North Carolina’s electro-pop duo, Sylvan Esso called in at Arts Club as part of their UK tour, Getintothis’ Daniel Bundy was there to soak up the action.
Genuine surprises are a rarity in life, but last night’s Sylvan Esso gig at Liverpool was packed full of them.
It kicked off with Bayonne, a specially billed guest. Taking stage with big headphones like ear defenders, twisting dials on a piece of kit and ‘check’ing microphones, what seemed like a last minute sound test transpired to be an outstanding one man act. Those dials were a loop machine. Initial nervous movements over drums and keyboards progressed into pulsating chest thrusts, as if a xenomorph was struggling to break free of him. And how did he sound? Absolutely next level.
Bayonne’s music can be described as new age with oomph, meditation tapes backed by war drums. The soundtrack to a yoga class where you know you’re moments away from centering yourself but there’s that one slight, that one injustice in your day that makes you want to rise up and confront your problems head on. With sample harps and triangles, blue and white lights and a smoke machine, Bayonne was a disorientating trip to Heaven with a master of experience creation.
When his half an hour set ended, crowd response was muted, but this was the opposite of criticism. There was only so much emphasis an audience could put on responding to what had just been felt.
Half an hour later when Sylvan Esso arrived, excitement levels rocketed. The old theatre space in Arts Club was packed front to back and when Amelia Meath and Nick Sanborn took to stage, the band themselves seemed taken aback by the turnout.
Humbly, Amelia laughs and smiles and says ‘We’ve never played Liverpool before. It’s nice when you play a new city and all you guys show up.’
Nick points to a can of beer on his production desk with the plastic from the four pack still attached. ‘I’ve still got the plastic on. It’s what we do back home and Liverpool seems like that kind of place too.’ Truer words never spoken.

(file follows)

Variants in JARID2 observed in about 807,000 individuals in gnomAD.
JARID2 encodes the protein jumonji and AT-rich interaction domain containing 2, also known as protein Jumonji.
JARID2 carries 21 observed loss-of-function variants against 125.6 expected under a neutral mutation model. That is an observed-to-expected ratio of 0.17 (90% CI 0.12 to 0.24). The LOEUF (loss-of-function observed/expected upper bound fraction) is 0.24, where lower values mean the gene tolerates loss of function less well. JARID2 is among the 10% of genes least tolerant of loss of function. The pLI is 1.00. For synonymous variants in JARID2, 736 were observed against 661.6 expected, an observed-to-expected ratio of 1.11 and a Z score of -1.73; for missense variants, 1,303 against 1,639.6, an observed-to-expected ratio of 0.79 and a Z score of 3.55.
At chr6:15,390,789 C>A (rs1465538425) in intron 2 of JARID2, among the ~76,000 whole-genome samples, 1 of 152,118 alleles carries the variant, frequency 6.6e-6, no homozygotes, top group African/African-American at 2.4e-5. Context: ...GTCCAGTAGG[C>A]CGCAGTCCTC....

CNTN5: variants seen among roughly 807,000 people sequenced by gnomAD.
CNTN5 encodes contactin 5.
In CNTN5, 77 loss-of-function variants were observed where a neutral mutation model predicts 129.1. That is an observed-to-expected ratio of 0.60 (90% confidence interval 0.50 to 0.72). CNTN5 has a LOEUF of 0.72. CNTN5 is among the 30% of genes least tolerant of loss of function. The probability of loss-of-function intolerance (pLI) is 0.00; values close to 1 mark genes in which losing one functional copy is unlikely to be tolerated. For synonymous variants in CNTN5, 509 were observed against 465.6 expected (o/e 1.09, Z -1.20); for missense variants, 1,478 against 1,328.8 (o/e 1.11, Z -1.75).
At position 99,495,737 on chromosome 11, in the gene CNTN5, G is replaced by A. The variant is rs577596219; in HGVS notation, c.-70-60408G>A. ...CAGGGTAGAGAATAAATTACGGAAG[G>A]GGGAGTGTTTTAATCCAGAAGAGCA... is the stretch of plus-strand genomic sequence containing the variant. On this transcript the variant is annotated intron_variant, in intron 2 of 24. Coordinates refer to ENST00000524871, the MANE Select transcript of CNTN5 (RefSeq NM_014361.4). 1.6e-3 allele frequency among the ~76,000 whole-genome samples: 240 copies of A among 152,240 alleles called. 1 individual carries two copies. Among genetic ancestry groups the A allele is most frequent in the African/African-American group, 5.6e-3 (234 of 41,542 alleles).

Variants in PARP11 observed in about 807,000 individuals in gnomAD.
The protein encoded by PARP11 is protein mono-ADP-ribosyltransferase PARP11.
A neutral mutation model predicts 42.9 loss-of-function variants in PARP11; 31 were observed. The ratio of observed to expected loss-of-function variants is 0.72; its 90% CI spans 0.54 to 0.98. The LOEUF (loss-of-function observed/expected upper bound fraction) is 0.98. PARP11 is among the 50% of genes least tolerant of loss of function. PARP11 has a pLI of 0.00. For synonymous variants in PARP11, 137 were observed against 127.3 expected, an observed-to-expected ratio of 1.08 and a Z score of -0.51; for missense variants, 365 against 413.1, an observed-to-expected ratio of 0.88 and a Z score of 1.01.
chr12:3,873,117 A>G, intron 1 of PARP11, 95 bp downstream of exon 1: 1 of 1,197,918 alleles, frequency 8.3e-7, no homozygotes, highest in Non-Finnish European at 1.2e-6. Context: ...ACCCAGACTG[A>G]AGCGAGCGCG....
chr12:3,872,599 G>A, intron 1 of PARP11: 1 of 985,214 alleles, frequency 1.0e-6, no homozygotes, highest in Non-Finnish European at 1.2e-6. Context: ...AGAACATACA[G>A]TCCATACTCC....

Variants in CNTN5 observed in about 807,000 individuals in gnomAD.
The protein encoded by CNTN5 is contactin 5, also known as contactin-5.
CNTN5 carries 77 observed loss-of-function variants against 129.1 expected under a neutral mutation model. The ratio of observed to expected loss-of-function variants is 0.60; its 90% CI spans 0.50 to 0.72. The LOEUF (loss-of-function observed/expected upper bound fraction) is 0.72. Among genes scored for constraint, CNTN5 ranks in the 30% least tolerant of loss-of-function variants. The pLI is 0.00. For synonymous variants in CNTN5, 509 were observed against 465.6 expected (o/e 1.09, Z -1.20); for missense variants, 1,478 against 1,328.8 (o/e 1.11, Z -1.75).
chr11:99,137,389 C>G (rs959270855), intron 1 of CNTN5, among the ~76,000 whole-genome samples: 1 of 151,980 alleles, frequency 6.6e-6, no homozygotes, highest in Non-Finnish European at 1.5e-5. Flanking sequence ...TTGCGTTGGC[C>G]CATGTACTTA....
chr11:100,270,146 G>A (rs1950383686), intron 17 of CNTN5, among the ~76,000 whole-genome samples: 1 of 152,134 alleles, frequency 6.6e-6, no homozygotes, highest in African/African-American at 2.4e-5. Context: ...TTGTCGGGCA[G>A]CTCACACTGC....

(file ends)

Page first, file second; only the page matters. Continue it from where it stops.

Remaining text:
An hour and an encore later, it’s no guesses to why so many crammed in to see Sylvan Esso. They’re all about interpersonal chemistry. Hunched over his keyboard, Nick plays with a mile length grin as if trying to encourage Amelia to mischief. Amelia responds by bounding around the stage, throwing dance moves varying from 80’s jazzercise, appropriate given the retro arcade sound they boast, to poses like the ones seen on ancient Greek statues.
As she does all this, Amelia plays up to the photographers, plays up to the die-hards in the front row and drags the entire room into her sense of presence. It’s her room and even the most jaded of hipsters grin, throw their arms about to an electro pop sound that commands dancing. And when they return for a further fifteen minutes, the crowd are in frenzy. Sylvan Esso’s beaming smiles at the end, pulled right from the pits of their stomachs, told the whole story.
Liverpool loved Sylvan Esso. Sylvan Esso loved Liverpool. If you’re into electro pop, dancing, or just want to know how live music can have such an effect on a crowd then catch Bayonne and Sylvan Esso. You’ll end up loving them too.